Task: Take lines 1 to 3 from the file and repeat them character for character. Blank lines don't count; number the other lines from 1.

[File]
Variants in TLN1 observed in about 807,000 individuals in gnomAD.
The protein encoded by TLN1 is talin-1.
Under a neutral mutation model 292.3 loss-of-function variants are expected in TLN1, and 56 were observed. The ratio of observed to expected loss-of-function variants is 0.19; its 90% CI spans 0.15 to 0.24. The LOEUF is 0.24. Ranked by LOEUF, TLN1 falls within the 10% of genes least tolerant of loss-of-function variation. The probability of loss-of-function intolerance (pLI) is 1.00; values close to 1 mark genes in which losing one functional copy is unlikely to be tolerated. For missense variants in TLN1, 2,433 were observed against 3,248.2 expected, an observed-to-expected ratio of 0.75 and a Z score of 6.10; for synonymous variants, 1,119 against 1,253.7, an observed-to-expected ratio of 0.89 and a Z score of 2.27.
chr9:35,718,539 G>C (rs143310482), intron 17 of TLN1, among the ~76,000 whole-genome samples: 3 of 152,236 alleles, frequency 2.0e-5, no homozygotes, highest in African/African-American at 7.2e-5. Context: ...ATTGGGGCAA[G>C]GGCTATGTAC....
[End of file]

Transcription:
Variants in TLN1 observed in about 807,000 individuals in gnomAD.
The protein encoded by TLN1 is talin-1.
Under a neutral mutation model 292.3 loss-of-function variants are expected in TLN1, and 56 were observed. The ratio of observed to expected loss-of-function variants is 0.19; its 90% CI spans 0.15 to 0.24. The LOEUF is 0.24. Ranked by LOEUF, TLN1 falls within the 10% of genes least tolerant of loss-of-function variation. The probability of loss-of-function intolerance (pLI) is 1.00; values close to 1 mark genes in which losing one functional copy is unlikely to be tolerated. For missense variants in TLN1, 2,433 were observed against 3,248.2 expected, an observed-to-expected ratio of 0.75 and a Z score of 6.10; for synonymous variants, 1,119 against 1,253.7, an observed-to-expected ratio of 0.89 and a Z score of 2.27.